And the client? Oh the business went bust and the building burned down two months later. Just kidding. They’re still doing great.”

Hospitals in the West were among the first to recognise the benefits of Feng Shui by applying its principles to the classic long, straight, narrow hallways, which make energy accelerate and causes stress. Now many hospitals break up these straight lines by wider corridors, plants and by hanging paintings to create soothing energy.

Bamboo brings peaceful and wise energy into a building

Feng Shui has many concepts that can be applied successfully to the purchase or building of commercial premises. For example it is possible to identify sites that have the potential to prosper or to fail. Favourable sites including a south-facing, gentle slope with an open space in front. Steep slopes are not auspicious because the energy flows aways. The same applies to flat land, which lacks diversity. A windy site is also to be avoided as a strong breeze can scatter chi. Property located near water is ideal, particularly if it is running water, which is good for creating energy, although a curved river is preferable to a straight stretch.

The size and shape of a building can effect its Feng Shui, too. There are five basic shapes, which are associated with the elements:

  • Triangle - Fire. Pyramid shaped buildings in a south sitting location are good for enhancing fame and opportunity.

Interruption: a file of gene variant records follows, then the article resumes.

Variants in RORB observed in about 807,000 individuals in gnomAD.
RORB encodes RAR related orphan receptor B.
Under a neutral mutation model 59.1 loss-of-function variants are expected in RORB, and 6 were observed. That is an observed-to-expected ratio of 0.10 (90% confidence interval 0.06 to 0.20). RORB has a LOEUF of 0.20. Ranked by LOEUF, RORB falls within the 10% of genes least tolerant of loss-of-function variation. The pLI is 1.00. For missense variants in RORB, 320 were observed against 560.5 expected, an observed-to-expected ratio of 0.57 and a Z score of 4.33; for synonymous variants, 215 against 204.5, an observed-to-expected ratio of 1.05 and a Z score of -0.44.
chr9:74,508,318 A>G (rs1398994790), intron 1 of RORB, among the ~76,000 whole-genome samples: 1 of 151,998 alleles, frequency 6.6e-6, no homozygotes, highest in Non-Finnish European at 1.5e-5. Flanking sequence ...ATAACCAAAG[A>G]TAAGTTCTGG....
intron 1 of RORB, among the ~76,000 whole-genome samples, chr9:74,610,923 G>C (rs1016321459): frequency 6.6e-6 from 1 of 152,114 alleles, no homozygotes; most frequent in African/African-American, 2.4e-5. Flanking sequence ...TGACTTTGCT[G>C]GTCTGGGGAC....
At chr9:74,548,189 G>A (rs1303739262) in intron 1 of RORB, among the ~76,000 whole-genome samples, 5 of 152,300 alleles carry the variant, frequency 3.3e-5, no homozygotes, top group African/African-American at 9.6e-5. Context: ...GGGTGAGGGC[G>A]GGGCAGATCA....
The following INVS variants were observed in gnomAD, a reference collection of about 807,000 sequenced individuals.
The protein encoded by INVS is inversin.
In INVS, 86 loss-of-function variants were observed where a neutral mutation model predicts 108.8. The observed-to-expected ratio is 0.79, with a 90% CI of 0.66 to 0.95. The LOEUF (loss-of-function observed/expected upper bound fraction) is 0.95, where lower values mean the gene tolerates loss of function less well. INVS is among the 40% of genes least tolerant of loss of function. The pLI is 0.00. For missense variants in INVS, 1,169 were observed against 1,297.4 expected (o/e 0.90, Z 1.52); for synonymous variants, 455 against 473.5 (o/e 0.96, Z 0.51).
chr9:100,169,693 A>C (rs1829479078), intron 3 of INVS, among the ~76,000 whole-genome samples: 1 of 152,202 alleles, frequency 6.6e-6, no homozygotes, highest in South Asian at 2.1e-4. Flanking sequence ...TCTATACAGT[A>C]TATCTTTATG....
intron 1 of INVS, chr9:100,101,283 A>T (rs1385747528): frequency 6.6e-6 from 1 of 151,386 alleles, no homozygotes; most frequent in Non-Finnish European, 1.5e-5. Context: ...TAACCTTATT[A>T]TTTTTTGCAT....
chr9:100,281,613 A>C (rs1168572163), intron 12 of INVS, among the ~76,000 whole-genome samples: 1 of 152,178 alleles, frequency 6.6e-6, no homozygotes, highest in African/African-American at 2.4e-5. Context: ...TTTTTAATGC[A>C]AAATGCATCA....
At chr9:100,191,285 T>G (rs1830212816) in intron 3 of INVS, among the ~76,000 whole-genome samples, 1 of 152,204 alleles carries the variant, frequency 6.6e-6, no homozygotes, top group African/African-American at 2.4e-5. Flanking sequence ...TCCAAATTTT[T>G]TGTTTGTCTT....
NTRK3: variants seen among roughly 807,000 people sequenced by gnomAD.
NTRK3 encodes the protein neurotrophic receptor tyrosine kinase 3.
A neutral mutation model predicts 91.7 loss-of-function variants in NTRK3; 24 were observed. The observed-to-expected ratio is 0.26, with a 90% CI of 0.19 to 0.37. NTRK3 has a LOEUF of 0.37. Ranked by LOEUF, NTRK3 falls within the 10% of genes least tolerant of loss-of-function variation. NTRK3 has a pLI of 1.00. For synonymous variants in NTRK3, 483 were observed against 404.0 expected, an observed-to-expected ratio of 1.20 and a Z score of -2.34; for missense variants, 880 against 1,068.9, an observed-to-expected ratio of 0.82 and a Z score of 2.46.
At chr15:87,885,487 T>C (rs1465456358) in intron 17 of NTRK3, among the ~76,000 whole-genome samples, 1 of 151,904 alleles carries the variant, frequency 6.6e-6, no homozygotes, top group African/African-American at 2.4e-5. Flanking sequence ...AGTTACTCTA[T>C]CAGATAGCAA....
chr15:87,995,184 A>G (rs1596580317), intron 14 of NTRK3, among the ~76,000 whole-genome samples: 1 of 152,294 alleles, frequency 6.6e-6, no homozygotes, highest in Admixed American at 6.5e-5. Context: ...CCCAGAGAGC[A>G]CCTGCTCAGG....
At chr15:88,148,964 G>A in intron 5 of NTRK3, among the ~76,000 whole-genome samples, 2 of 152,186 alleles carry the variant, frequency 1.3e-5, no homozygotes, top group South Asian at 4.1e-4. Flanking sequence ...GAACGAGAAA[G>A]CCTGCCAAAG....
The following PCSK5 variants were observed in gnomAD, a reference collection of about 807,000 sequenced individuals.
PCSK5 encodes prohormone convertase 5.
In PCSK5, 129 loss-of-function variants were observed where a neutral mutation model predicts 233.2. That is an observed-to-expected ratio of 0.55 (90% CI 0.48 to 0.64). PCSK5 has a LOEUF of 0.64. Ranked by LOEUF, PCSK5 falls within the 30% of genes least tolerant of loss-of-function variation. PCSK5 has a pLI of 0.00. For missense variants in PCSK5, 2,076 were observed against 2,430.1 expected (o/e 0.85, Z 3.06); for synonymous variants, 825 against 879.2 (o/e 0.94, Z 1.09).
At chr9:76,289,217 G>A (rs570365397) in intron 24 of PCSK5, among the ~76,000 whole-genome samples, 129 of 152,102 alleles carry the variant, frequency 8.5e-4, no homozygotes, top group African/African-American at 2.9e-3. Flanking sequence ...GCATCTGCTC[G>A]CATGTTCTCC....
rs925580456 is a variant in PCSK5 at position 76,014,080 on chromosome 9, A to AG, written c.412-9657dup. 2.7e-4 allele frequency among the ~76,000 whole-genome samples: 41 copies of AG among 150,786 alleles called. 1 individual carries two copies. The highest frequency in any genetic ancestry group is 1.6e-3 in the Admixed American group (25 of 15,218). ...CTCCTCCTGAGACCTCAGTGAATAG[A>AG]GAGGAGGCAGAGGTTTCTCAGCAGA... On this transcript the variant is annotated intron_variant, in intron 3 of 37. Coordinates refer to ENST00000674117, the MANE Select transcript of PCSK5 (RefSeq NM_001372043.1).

• Square - Earth. This is an authorative design and is considered the ideal shape for corporate offices and banks.
  • Circle - Metal. If glass and steel are used in construction they can enhance the luck of the building. The building does not have to actually be a sphere, it can have curves that suggest a circle.
  • Curvelinear - Water. These buildings have a prominent curve that extends throughout the building design, ie a wave. This shape is ideal for buildings that want to create high people turnover, such as shopping malls or exhibition centres. Not suitable for offices or residential use.
  • Rectangle - wood. This is the most popular shape for high rise buildings as they represent stature. They should not be dominated by glass and concrete, instead a blue tinted glass that suggests water energy is recommended, as is a wood effect.

Tim Cole, a project manager for Savills once undertook some services for a private bank in the City. “The flow of the office space was particularly important to the client and was therefore a major consideration for the designers in terms of the layout of the office space and banking area. The client was consulted regarding requirements and specific considerations concerning Feng Shui and this was factored into the overall design to ensure requirements were met.

Specific issues presented during the project included:

  • Location of doors and walls was a consideration for the layout of the space to ensure the flow of energy was positive in terms of interaction between different areas.
  • Location of WCs was a factor due to negative energy considerations.
  • External entrance door location was an important consideration due to negative energy concerns caused by traffic flow from an entrance road opposite the building. This needed to be considered early on in the project.

The ideal location for good Feng Shui contains both mountains and water, with a higher ground at the back (called the Black Turtle), to provide protection and support. Which explains why a tiny city like Hong Kong, sandwiched between mountains and sea, has developed into a world class financial centre.

About the author

Richenda Oldham is the editor of Property News and a freelance journalist and copywriter.

Features July 2013